Reducing Falls in the Home: Medication Interventions and the Role of the Aging Network
Numerous factors are associated with an increased risk of falling and fall-related injuries, but none is as potentially preventable or reversible as medication use. Older persons use approximately 30 percent of all prescription and over-the-counter medications sold in the U.S. On average community-dwelling seniors use 4.9 prescription medications and those with three or more chronic conditions use 6.3 prescription medications at one time. In addition to the actual number of medications taken, certain therapeutic categories of medications commonly prescribed to older adults that cause side effects, adverse effects, and toxic effects increase the likelihood of falling.
This presentation discusses medications and medication classes that have been shown to increase the risk of falling and explores strategies that professionals in the aging network can use to reduce the risk of falls associated with medication use among older adults living at home. These strategies include understanding and monitoring for common side effects and adverse effects that might cause an older person to fall; educating older persons and their caregivers about medications and falls; and working with other health care professionals, such as physicians and pharmacists, to reduce falls associated with certain high risk medications.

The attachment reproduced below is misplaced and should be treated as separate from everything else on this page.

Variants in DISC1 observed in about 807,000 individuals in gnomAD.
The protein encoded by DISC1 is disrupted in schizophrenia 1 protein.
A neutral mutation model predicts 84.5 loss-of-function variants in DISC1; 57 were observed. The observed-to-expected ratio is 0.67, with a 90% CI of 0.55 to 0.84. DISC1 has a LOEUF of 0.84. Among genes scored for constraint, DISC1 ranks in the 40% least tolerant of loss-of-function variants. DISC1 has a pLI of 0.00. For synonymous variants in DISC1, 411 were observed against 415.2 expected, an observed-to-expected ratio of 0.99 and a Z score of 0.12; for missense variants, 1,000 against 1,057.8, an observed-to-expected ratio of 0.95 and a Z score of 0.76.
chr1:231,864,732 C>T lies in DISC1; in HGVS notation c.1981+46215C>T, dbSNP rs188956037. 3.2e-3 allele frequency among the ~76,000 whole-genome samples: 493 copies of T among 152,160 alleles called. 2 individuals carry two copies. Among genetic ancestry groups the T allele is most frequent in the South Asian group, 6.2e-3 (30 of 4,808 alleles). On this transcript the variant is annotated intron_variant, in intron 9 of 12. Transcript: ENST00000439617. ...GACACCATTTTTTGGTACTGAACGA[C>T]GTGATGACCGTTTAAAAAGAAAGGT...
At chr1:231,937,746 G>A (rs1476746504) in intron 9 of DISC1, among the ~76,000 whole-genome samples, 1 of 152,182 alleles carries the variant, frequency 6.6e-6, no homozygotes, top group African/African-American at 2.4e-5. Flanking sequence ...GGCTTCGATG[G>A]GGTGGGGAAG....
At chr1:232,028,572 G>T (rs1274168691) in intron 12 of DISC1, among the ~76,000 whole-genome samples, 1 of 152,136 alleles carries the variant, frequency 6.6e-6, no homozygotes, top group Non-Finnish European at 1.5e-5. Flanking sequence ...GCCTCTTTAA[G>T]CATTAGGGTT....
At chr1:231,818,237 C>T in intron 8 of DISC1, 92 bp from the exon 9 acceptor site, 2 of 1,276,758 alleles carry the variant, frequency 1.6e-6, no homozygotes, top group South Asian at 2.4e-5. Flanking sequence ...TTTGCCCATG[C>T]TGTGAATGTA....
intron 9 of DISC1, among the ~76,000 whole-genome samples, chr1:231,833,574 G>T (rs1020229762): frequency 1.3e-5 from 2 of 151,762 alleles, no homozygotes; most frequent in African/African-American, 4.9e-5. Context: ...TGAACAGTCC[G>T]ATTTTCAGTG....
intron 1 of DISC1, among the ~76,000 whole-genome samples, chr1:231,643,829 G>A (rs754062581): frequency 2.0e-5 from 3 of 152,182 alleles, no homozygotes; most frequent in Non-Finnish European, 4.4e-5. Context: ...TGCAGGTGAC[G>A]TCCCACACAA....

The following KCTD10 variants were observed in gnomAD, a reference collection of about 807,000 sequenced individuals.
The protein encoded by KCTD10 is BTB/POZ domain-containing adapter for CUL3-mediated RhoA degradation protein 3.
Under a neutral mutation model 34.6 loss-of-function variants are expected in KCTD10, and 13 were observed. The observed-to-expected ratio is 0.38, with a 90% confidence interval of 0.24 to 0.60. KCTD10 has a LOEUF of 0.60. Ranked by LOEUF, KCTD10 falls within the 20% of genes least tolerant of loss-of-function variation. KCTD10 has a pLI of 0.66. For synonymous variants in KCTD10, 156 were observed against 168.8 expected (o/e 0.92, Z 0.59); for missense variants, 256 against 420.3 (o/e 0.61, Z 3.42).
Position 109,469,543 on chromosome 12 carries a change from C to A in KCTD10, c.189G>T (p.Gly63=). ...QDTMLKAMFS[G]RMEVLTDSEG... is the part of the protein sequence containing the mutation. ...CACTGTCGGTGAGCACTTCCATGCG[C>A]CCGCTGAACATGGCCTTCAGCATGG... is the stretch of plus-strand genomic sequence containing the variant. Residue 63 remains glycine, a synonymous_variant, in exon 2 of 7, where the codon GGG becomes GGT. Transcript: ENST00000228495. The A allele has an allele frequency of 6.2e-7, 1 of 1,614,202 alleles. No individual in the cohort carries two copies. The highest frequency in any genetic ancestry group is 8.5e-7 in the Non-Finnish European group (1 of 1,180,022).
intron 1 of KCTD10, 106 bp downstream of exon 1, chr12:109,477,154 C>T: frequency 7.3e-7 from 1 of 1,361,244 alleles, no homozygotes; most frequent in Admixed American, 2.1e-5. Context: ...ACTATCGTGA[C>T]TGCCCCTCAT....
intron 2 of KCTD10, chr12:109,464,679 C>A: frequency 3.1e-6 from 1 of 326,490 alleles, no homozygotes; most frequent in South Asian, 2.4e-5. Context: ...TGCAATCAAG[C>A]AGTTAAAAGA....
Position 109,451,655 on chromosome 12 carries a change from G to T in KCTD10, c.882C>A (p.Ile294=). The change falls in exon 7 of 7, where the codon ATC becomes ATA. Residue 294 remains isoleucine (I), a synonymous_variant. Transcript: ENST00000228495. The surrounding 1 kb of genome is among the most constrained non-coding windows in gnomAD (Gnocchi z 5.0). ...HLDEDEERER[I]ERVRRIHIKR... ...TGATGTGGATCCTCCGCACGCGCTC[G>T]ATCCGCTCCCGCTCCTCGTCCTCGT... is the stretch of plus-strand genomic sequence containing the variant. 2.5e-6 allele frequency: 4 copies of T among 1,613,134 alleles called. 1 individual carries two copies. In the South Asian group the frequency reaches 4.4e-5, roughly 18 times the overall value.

- To describe medication-related problems (MRPs) and explain why older adults are at high risk
- To identify medication classes and specific medications that increase the risk of falls among older adults
- To list common side effects and adverse effects of medications that increase the risk of falls among older adults and monitor for these side effects/adverse effects in an effort to reduce falls risk
- To describe why proper adherence to certain medications can decrease falls risk
- To apply medication-related strategies from evidence-based fall prevention guidelines into practice
- To review specific interventions related to medication use that can decrease falls risk for older adults living at home
This course is accessible on the Philips Lifeline Learning Center website at http://Lifeline.theonlinelearningcenter.com.
Note: Approved provider of continuing education for LCSW licensure requirements in California.
Note: This program is not accredited by the American Physical Therapy Association due to their policies.
Note: As of 7/31/10 nursing CE's will not be available for nurses licensed in DE, RI, and UT.
We started working with Right at Home about a month ago to provide services for my mother who has Alzheimer's and to provide support to my father (her primary caregiver) six days a week. So far we have had an excellent experience. The caregivers are supportive, caring people and have given my Dad a much deserved break as well as provide knowledgeable care for my Mom. I have also been impressed with the structures and processes put in place to insure that we get consistent, reliable care. Our relationship with Right at Home is still new but we couldn't be happier.